The National Federation of the Blind, the leader in work with the blind in the United States, working with the Jacobus tenBroek Memorial Fund and the American Action Fund for Blind Children and Adults, breaks ground today for the National Research and Training Institute for the Blind. We are building a facility which will conduct research and undertake training. How can blind people best be taught to read? How can the brainpower of the blind be most effectively harnessed? What is the optimal multi-media environment for information-transfer to the blind? What is it that unlocks creativity?

The facility is essential, but the brick and mortar and steel cannot by themselves do what must be done. For this we must have hands—the instruments of human endeavor that carry out the imaginative essence of our being. The hands are those of researchers who will create products to expand access for the blind to information, to the transportation system, to the business community, and to other elements within our society. The hands are those of teachers who will inaugurate training programs that broaden the horizon for the blind and for others. The hands are those of contributors who have had the faith to join with us to dream of a brighter tomorrow.

Then there are the hands of those who are blind in America—the hands of those who have done the work in big and little ways to bring us to this event—who have sold the chocolate bars and met with public service clubs and studied the Braille and written the letters and prepared the agendas and encouraged the newly blinded and never stopped believing in what we might become. Many of the blind you observe here today, but there are others—thousands of others. Dr. Jacobus tenBroek, who founded the National Federation of the Blind in 1940 and led it until his death in 1968; Dr Kenneth Jernigan, who established the National Center for the Blind and whose imaginative genius conceived the National Research and Training Institute for the Blind; and the thousands of others who are here with us only in spirit. They worked and planned so that we might build, and they would glory in what we inaugurate today.

Those who are blind know the world through sound, through scent, and through taste. But much of what we know comes through touch. Very often our hands are the instruments for gaining knowledge as well as devices for teaching others or the tools for implementing change. We invite all who wish for positive improvement to join with us. If we have enough hands, we can move the earth, build a research institute, or alter our world for the better.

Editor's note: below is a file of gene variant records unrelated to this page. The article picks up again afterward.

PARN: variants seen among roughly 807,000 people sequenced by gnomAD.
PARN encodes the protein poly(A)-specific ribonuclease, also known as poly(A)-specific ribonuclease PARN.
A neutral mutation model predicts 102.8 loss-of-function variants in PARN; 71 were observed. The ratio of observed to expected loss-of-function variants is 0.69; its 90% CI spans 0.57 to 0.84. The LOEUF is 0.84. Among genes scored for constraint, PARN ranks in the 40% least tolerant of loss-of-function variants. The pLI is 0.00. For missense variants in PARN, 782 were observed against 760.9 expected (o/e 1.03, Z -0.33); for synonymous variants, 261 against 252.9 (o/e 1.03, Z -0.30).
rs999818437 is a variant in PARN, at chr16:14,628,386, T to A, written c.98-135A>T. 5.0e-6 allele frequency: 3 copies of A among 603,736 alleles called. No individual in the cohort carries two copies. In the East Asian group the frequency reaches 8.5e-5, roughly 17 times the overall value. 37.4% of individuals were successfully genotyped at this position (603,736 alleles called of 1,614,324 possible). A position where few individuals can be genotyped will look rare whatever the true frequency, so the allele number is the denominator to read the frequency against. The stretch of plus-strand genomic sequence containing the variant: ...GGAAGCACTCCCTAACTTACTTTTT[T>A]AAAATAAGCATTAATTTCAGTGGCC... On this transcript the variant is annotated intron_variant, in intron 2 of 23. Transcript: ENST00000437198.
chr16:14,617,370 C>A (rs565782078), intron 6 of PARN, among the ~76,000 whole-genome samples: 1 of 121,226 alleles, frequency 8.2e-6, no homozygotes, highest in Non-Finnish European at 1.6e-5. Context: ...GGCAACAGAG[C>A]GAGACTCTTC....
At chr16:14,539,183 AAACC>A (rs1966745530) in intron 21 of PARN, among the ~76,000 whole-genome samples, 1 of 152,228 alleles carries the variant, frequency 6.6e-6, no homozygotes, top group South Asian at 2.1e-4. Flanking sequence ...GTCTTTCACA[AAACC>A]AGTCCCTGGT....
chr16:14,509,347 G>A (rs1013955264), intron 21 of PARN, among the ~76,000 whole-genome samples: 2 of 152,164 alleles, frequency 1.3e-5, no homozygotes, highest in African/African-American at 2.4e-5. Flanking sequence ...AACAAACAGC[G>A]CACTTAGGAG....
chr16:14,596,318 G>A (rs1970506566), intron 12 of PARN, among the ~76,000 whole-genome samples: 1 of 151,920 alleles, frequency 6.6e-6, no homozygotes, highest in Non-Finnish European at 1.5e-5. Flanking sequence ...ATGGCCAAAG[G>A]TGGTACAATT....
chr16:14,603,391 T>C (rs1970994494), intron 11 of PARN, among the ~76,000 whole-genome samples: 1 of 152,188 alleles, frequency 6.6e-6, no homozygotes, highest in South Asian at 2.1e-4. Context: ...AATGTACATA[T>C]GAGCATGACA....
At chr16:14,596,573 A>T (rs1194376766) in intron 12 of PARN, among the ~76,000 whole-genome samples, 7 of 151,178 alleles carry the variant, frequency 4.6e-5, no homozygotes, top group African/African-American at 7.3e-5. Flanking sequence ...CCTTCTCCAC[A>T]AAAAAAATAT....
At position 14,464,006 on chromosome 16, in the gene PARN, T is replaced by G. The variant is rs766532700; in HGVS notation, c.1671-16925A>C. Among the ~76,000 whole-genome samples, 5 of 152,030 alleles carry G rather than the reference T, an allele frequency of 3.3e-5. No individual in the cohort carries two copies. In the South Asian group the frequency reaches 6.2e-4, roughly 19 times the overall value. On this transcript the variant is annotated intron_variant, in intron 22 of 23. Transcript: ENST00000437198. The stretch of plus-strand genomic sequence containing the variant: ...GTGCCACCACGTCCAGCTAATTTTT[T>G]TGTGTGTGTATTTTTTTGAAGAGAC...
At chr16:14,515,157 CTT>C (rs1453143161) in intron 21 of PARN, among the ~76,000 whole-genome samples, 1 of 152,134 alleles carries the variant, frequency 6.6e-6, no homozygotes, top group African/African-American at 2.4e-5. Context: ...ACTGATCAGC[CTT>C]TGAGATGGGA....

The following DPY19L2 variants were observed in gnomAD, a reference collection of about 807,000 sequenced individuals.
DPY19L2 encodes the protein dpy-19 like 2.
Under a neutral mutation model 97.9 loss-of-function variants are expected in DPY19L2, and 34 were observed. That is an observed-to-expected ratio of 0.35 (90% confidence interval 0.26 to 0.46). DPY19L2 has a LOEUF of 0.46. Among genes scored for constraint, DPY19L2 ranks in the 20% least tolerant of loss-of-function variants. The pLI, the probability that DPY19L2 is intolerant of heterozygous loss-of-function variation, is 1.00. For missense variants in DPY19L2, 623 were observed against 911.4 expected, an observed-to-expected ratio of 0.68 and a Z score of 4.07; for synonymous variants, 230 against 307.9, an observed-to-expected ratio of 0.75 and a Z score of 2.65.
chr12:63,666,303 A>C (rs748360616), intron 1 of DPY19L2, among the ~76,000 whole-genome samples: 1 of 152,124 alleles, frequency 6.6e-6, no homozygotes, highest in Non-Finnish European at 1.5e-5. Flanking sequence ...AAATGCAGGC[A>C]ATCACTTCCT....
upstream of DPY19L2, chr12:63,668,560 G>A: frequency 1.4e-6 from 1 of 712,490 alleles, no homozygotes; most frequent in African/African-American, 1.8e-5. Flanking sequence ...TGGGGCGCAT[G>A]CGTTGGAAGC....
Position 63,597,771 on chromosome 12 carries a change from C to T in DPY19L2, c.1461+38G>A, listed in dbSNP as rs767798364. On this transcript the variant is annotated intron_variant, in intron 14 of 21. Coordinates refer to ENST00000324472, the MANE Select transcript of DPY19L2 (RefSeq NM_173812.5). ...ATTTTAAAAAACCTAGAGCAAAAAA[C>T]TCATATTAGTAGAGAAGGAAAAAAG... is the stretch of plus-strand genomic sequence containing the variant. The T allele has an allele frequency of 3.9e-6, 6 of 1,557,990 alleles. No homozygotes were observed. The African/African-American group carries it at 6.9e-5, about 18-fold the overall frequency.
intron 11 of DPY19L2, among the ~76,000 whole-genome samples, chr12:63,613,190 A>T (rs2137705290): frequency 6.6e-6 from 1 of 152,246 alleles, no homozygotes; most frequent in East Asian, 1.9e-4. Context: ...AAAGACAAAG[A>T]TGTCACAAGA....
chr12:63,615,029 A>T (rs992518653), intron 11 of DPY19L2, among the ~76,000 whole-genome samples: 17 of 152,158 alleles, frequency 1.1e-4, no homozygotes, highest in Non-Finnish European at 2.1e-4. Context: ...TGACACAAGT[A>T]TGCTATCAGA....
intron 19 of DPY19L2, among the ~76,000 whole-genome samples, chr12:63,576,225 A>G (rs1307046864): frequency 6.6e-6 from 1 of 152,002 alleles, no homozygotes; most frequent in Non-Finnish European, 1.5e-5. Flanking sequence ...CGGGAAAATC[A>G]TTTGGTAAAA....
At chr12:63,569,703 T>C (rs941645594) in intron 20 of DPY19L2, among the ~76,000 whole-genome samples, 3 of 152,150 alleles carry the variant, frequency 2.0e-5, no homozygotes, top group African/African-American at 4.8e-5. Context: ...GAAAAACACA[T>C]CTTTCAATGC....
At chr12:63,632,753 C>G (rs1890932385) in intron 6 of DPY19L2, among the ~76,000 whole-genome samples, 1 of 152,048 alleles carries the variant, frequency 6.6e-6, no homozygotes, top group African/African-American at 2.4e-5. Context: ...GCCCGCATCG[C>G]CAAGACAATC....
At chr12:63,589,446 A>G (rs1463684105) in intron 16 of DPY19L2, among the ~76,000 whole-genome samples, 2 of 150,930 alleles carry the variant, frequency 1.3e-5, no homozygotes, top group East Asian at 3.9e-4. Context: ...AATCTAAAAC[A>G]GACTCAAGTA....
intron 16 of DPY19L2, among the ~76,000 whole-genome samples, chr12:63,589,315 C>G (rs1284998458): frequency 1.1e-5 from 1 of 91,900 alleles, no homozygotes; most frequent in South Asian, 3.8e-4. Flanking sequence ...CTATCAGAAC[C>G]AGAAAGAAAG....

We come today to build an institute for the blind, but the blind are not alone—we live alongside our sighted colleagues and friends. We want to contribute to the larger society, and we want the recognition that comes with full participation. We have brought with us our capable hands. We have, as you know, the ability to imagine and to dream; but we also know how to work. Our job today is to move the earth at our building site. Our job in the years to come is to move toward greater opportunity for the blind so that we can build together the nation that will serve us all.


Senator Barbara Mikulski
Senator Barbara Mikulski

United States Senator from Maryland Barbara Mikulski: Well, Brother Patriots and Sister Patriots, are we ready to fight for America? Are we ready to fight for America’s future? This ground breaking is one of the tools to get our country ready for the future so that we are fit for duty to make sure we have national recovery and national security and to empower all of our people. I am so glad to be here with you today.

Dr. Marc Maurer, thank you for being the President of the NFB and for the leadership you are providing. To Jim Gashel, Director of Governmental Affairs, what a great job you have been doing. And your wonderful Betsy Zaborowski, who is at every meeting, everywhere there are two or three gathered together, she’s out there pushing for this institute and insisting that blind people have a future today and tomorrow in this country.

Wow! to my colleagues in government, I’m so glad to see all of you here today, and also the private philanthropic givers like the Marriott Foundation, and others who are here. To my dear colleagues who once served in the Congress but now find other ways to serve: my old pal, who was once head of the Congressional Women’s Caucus, Pat Schroeder. She is as feisty and outspoken as she was then. With her job in the American publishing industry, I know what a great job she is doing for you. Bob Livingston, who once headed up the Appropriations Committee in the House of Representatives, is now here working with you to make sure that you have a future and that it’s not only in the federal law books but in the federal checkbook. God bless you, Bob, we love working with you. We’re all here, and we’re Team Maryland, and we’re Team USA.